June 4 (UPI) -- When census takers tally the U.S. population next year, their final count could be off by as many as 4 million people, a new analysis said Tuesday.
The study by the Urban Institute, a Washington, D.C., social think tank, cautioned that various factors like underfunding, staffing issues, inadequate testing and a possible question about citizenship could lead to census miscalculation. The study said those issues pose "unprecedented threats" that disproportionately affect minority groups.
Urban Institute's chief methodologist Robert Santos said black and Latino households face the greatest risk of being undercounted, while some white homes are likeliest to be overcounted. The 2010 Census undercounted black homes by 2.1 percent and Latino homes by 1.5 percent.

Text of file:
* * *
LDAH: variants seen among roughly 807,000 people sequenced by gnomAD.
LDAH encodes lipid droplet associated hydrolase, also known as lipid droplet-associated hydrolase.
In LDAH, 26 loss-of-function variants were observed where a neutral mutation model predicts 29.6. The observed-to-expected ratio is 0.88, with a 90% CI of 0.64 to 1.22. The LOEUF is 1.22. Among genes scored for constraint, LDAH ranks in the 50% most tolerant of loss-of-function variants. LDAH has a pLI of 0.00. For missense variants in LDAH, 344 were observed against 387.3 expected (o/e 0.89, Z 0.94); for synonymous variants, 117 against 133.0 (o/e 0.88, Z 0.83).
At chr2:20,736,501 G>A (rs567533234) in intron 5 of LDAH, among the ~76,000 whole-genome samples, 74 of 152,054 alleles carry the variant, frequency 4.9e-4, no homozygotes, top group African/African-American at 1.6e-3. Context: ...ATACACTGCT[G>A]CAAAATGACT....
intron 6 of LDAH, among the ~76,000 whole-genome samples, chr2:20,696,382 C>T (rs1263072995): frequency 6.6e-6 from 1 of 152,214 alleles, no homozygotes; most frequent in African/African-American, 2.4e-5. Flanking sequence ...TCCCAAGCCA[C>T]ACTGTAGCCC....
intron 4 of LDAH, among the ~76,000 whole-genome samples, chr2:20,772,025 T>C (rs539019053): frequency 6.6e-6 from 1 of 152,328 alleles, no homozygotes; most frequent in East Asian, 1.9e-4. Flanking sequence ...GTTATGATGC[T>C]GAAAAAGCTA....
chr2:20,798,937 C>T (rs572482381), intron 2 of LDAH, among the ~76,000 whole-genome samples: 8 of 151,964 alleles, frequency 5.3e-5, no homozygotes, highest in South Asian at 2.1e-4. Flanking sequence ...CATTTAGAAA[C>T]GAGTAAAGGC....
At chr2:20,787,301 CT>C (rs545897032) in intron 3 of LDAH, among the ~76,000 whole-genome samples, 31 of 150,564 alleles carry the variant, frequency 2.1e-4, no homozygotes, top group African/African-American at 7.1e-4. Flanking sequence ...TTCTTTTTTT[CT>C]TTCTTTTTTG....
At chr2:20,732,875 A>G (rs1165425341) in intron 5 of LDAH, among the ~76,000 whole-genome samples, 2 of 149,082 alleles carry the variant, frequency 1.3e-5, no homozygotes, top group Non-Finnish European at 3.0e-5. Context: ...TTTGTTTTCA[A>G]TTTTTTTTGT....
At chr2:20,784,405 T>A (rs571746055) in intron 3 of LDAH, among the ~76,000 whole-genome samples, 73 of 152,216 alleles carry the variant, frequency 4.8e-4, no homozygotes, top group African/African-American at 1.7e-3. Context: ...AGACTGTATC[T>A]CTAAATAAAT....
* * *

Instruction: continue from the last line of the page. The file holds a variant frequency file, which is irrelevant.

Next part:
"This all comes down to the basic concept of fairness," Santos said.
The study said an undercount could be as high as 0.27 percent in the low-risk scenario and 1.22 percent in a high-risk scenario, meaning between 900,000 and 4 million people may be missed. California could be among the most likely states to miscount, as much as nearly 2 percent -- and blacks and Latinos could be undercounted nationally by up to 3.6 percent, the institute said. Texas, with its large immigrant population, is also at risk being undercounted.
The U.S. Supreme Court has not yet decided whether the Trump administration can add the question about citizenship, which hasn't appeared on any census since 1950. Even if the controversial question isn't added, the study said the ongoing attention to immigration issues might still impact the final count.
"Current discourse about immigration could suppress participation," it said.